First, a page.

Eating Disorder Awareness Week: 25th February-3rd March


It is estimated that approximately 1.25 million people in the UK suffer from an eating disorder and on average, 149 weeks pass before those experiencing eating disorder symptoms seek help, that’s almost three years. An eating disorder is a serious mental illness that involves disordered eating behaviour. The causes are still not fully recognised and the mortality rate for people with eating disorders is the highest of any mental illnesses. It is therefore important to raise awareness and understanding around eating disorders and their associated symptoms.

School educators and staff can play a hugely important role in preventing eating disorders and in supporting students, peers and parents. Staff should be familiar with the signs and symptoms of eating disorders and available resources in order to facilitate early identification and support during treatment when needed.

Who Suffers from Eating Disorders?
It’s important to understand that anyone can develop an eating disorder – they can affect people of any age, race or gender. Whilst studies have suggested that young women between the ages of 12-20 are most at risk, it’s also suggested that up to 25% of people who suffer from eating disorders are male.

How Do You Spot Signs of an Eating Disorder?
To coincide with Eating Disorder Awareness Week, the UK’s leading eating disorder charity, BEAT, commissioned a YouGov survey of more than 2,000 people. A staggering 34% of adults surveyed were unable to name any signs or symptoms of eating disorders.

There is clear evidence that early detection and appropriate intervention can significantly reduce the impact that eating disorders have on young people and increase the chance of a full recovery. School educators and staff are well placed to spot the early signs of an eating disorder; just think of all the time spent with pupils in a classroom setting, or even the school counsellor or nurse who may notice irregularities in students they see day in, day out.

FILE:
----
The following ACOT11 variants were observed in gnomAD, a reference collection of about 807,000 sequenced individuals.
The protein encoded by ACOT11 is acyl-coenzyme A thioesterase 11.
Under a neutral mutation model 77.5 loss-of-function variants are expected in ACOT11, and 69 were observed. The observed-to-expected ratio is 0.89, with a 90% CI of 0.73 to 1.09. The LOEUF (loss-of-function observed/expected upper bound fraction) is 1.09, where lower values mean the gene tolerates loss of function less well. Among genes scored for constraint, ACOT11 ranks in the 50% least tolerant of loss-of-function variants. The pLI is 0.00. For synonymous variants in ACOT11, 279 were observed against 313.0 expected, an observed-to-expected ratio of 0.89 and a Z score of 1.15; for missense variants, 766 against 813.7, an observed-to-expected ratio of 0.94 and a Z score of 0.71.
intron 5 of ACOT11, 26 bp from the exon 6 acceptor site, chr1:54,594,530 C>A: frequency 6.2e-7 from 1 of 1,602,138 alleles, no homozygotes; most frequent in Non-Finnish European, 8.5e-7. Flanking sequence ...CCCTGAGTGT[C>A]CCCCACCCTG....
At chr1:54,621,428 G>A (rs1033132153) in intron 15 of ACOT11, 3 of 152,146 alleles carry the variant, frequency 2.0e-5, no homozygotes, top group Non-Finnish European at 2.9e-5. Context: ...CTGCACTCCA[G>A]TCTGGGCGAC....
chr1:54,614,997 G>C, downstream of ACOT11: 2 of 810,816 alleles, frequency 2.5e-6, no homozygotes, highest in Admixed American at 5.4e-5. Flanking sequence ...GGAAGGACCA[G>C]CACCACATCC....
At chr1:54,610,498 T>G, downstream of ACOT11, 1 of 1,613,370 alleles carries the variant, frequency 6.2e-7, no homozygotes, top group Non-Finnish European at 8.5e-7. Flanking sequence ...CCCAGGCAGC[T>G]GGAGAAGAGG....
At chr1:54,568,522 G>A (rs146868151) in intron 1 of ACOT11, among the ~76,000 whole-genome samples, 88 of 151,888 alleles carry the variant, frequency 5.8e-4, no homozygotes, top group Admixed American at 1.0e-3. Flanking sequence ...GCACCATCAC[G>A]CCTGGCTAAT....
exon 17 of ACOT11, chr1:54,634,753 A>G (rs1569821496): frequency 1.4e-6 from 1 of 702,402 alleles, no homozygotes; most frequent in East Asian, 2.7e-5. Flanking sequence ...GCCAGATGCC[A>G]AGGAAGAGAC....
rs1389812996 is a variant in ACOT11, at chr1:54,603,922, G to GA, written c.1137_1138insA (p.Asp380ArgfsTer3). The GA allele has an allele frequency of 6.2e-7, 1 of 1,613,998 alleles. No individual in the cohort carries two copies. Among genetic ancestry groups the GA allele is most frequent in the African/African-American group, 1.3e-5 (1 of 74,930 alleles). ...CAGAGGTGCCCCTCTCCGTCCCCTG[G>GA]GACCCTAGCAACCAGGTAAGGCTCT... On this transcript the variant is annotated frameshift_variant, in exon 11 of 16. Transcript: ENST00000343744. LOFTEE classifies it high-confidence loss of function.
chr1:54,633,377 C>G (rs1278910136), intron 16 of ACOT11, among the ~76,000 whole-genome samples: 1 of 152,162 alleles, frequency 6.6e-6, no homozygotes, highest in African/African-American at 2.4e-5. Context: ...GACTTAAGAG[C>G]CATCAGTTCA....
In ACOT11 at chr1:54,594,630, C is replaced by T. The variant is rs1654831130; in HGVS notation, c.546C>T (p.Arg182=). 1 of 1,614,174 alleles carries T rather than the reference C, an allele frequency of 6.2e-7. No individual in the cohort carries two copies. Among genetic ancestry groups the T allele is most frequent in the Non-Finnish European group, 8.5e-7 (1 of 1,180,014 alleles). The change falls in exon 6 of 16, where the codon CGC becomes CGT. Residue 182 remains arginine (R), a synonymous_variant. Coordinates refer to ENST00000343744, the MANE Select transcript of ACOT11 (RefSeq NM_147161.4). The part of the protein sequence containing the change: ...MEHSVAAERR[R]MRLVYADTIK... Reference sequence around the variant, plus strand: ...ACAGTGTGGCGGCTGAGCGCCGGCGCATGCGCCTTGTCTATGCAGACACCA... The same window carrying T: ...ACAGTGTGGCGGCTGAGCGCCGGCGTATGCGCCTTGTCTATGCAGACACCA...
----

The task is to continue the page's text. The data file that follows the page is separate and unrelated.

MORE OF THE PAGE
You can read about the signs of individual eating disorders here. Nobody expects you to diagnose these complex illnesses but noticing symptoms could make all the difference. There are some signs that may become apparent in a school environment, as many young people begin restricting in school whilst maintain a normal eating behaviour at home. These might include:

  • Social isolation and loss of friends
  • Avoiding eating around others
  • Difficulty concentrating
  • Tiredness or alternatively boundless energy and seems on a high
  • Irritability and mood swings
  • Low confidence and self-esteem
  • Increased anxiety
  • Often ill as the immune system cannot cope with malnutrition
  • Obsessive compulsive behaviours
  • Excessive exercise
  • Perfectionism and setting unreasonably high personal standards
  • Signs of self-harm
  • Changes to weight – either gaining or losing weight, or fluctuating weight

What Can We Do to help?
The aim of Eating Disorders Awareness Week (EDAW) is to raise awareness and get people talking about eating disorders and the types of support available to those who are suffering.
Educational establishments can take steps to address eating disorders with policies and practices, in their curriculum, and with individuals at risk. Pupils with eating disorders will require particular attention to their educational needs and it may be necessary to adapt the learning environment to accommodate their needs.

Head to the BEAT website for more information and resources on identifying and supporting somebody with an Eating Disorder, online support groups and helpline information.

Let us know what your school are doing to raise awareness of Eating Disorder Awareness Week 2019 by getting in touch with us on Twitter or Facebook.